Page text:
While I was planning my husband’s wedding outfits, one thing I was sure of; I never wanted my husband to be dressed up in the typical “white-beige dhuti”-“ghee tussar panjabi” combination! I always believed that Abhijit can flaunt other variations with much confidence and style. In fact, I personally wanted to do away with the topor-dhuti concept. But being a part of a typical society, there are certain rituals which we cannot overlook. The groom has to come in a dhuti, trying to fit his headgear, also known as topor while his would be mother-in-law would welcome him with the boron-daala. And the while the groom stands there, waiting to see his beloved, his saalis tease him.
These days, men wear coloured dhoti’s for their wedding. I have seen many of my friends going for the maroon dhoti with a tussar coloured panjabi! We researched on several stores which showcase the groom’s ethnic attire. Finally we picked up a Kurta from Manyavar on one of our casual shopping trips to Gariahat. Abhijit had worn a maroon dhoti for the first half of the evening, and after the ceremony, he ditched the dhoti and change into the beige churidar that came along with this Kurta from Manyavar.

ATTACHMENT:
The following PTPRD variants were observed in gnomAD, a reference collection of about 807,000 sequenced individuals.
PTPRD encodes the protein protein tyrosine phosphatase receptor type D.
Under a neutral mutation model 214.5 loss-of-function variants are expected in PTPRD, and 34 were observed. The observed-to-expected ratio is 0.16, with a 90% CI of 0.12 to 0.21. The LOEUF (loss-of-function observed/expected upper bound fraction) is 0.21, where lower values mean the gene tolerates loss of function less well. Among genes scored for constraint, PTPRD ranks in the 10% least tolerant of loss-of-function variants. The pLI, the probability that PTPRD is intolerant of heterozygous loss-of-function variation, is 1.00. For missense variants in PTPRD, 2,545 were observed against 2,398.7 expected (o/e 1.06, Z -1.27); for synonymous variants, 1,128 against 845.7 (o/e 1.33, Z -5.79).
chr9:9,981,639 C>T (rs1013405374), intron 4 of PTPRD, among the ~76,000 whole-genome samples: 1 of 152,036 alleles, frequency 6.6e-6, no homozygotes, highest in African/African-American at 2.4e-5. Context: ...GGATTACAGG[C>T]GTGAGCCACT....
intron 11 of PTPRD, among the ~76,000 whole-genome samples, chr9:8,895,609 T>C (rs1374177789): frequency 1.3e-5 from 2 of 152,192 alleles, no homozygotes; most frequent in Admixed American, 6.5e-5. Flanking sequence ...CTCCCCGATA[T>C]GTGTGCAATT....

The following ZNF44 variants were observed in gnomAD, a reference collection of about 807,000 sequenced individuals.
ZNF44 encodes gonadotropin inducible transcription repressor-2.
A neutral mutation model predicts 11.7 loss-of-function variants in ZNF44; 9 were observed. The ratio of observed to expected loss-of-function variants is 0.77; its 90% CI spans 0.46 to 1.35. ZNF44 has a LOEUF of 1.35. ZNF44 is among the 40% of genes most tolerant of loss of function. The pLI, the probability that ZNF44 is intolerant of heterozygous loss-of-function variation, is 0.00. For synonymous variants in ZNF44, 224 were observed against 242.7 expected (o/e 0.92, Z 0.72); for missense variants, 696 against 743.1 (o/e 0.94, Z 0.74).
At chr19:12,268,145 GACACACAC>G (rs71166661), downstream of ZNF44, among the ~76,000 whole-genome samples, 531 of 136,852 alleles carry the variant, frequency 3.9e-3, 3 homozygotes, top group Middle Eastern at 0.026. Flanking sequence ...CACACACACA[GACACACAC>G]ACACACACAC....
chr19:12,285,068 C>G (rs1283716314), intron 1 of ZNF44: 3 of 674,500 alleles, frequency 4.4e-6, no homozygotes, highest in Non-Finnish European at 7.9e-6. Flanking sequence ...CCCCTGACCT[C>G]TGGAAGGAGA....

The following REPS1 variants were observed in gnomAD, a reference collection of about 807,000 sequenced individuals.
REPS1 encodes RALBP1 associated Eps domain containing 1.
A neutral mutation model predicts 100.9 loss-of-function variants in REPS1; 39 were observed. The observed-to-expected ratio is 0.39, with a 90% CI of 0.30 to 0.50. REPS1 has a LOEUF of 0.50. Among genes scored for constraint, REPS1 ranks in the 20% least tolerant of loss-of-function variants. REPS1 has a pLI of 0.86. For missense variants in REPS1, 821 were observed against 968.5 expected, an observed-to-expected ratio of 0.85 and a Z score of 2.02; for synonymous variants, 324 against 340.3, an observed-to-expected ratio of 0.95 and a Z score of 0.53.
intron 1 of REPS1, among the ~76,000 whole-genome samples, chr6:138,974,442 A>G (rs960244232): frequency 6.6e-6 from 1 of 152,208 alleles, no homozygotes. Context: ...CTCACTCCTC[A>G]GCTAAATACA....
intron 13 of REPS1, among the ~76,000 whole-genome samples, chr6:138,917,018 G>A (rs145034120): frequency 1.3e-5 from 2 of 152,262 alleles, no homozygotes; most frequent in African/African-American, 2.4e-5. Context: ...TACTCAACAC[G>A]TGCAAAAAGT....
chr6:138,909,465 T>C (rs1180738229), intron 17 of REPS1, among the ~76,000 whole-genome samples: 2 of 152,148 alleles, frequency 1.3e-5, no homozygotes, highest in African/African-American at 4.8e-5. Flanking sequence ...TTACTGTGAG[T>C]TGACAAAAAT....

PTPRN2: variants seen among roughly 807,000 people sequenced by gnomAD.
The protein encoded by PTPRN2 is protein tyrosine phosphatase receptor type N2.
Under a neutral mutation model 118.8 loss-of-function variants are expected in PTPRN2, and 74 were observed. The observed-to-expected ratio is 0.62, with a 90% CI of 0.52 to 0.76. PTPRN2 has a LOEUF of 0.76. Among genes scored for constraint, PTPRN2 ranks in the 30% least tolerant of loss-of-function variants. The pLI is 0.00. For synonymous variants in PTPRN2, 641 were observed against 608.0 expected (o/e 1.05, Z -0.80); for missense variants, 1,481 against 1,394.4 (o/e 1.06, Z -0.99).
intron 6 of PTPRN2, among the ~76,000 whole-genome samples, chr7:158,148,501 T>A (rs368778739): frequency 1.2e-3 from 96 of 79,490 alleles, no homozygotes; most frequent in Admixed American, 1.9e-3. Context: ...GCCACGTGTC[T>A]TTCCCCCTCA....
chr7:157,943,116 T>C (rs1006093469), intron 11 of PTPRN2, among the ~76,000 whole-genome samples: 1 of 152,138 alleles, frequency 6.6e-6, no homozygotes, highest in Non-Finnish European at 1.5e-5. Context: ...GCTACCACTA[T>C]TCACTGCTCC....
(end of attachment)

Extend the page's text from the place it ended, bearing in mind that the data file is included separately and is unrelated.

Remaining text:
Here is a sneak peak of his wedding outfit.
- Beige Churidar Kurta from Manyavar, Gariahat
- Maroon Readymade Dhoti from Prapti, City Centre Two
For Abhijit’s Reception Attire, we chose Prapti. Prapti has a style and sophistication of its own, unlike Manyavar/Gatha which focus on heavily embroidered sherwanis, thereby depriving the groom from his typical Bong trousseau.
Here is what we chose finally. A Maroon Tusar Churidar-Panjabi with all over thread work for the wedding evening. It is a front-open jacket style panjabi, very different from the typical other kurtas. This one comes with a maroon churidar.
This particular piece has been picked up from Prapti, City Centre 2, Rajarhat. The staff is very courteous and they helped us decide on his attire for the D Day. Abhijit’s mojris are also from Prapti. We got one in a neutral shade that he wore both for his wedding and reception. And needlessly, they have never been worn again!
I hope this post was of help for all the would be grooms, as well as their families who want to settle down with something different from the typical tussar-ghee coloured “dhuti-panjabi”. Do let me know what more wedding inspiration ideas would you like me to post on TicTalkToe.
Disclaimer : The post is completely non-sponsored.